The cost of delivering healthcare in the hospital setting is continuing to rise, but the sector's inflation has been strongly muted, according to data from the S&P's Healthcare Economic Indices.
The slowdown in the hospital Medicare cost index was particularly dramatic, where the annual growth rate was 1.18 percent, compared to 8.3 percent in August 2009.
However, the same index regarding hospital costs as shouldered by commercial payers was much higher, at 8.36 percent, just one point down from its peak of 9.36 percent in May 2010.
"This phenomenon could be the possible result of two things: Costs for Medicare patients are being better contained than those covered under commercial insurance plans and hospitals are using more procedures and services covered under commercial plans, contributing to the increase in total costs," says David M. Blitzer, chairman of S&P's index committee.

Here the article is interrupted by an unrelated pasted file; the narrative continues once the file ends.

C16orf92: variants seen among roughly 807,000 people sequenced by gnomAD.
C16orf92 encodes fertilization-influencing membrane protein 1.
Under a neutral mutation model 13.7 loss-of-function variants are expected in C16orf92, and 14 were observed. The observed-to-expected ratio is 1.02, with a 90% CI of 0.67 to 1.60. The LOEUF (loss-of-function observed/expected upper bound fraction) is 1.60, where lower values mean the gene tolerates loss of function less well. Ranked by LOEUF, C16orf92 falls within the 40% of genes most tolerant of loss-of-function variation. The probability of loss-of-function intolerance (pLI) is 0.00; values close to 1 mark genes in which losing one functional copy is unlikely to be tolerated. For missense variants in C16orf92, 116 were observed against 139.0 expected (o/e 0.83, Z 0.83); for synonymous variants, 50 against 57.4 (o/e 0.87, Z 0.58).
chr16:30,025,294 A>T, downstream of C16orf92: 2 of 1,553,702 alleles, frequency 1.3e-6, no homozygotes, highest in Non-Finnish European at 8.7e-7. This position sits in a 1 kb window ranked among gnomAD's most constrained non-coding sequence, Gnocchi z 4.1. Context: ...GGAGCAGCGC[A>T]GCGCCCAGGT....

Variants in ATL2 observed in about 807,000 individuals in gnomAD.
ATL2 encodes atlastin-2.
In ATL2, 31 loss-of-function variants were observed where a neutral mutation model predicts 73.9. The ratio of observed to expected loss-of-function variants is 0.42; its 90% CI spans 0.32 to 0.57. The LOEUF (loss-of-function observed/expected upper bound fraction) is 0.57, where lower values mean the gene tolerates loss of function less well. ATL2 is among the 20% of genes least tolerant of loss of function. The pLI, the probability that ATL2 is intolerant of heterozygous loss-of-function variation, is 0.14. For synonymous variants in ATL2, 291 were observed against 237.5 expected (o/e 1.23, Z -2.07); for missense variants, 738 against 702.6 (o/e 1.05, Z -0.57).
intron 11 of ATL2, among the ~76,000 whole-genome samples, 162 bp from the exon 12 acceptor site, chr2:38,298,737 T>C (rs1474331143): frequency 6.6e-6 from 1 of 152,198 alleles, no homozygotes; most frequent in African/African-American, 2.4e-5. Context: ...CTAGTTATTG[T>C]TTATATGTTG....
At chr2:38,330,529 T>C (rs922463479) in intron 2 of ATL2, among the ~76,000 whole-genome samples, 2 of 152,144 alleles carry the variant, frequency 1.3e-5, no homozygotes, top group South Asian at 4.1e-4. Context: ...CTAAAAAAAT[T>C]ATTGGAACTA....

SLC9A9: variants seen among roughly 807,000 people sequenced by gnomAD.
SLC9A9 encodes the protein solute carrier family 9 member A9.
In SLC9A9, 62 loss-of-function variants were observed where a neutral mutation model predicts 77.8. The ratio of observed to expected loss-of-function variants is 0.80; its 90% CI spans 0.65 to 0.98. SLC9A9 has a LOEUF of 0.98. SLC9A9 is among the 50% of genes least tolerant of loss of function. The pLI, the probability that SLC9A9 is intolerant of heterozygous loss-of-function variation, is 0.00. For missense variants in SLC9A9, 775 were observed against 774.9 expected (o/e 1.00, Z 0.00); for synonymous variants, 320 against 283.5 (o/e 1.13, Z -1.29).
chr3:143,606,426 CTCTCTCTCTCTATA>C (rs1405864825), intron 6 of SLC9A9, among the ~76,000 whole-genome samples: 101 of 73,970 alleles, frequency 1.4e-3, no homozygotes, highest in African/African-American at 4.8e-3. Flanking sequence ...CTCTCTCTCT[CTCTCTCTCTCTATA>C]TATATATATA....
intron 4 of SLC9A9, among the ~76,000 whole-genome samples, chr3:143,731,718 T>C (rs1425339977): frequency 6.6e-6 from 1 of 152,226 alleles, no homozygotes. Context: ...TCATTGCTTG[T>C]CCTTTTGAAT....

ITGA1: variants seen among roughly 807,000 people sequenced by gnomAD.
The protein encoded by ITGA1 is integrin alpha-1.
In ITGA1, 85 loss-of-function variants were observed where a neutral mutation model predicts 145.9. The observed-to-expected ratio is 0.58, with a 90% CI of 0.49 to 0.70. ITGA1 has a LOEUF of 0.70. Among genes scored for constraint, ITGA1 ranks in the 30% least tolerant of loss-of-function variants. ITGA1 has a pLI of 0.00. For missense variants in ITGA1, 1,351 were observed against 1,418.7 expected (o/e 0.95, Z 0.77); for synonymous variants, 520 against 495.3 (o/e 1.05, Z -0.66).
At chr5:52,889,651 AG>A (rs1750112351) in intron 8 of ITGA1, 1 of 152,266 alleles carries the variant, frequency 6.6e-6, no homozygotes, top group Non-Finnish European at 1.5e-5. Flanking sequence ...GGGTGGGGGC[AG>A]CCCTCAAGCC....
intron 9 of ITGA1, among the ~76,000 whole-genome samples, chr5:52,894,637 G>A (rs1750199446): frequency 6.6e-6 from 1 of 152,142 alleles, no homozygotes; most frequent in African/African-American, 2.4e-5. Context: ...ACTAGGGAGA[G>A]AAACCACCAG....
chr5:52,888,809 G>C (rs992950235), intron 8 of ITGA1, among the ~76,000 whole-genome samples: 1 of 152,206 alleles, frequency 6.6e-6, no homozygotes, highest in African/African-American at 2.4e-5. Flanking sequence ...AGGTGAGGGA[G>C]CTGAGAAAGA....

As for overall inflation, S&P concluded that healthcare inflation rose at a 5.77 percent annual rate for the 12 months ending March 2011. That's the smallest rate of growth in nearly four years, and one of the lowest rates since the index began in 2005. That rate compares to 8.74 percent annual growth that occurred during the 12 months ending in May 2010.
"While there was some volatility within months, the general trend has been a slowdown across all ... of the indices we publish. Most of the annual growth rates peaked in the late winter/early spring of 2010. Since then, most of these rates have fallen by 2 percentage points or more,"
- read the S&P data (.pdf)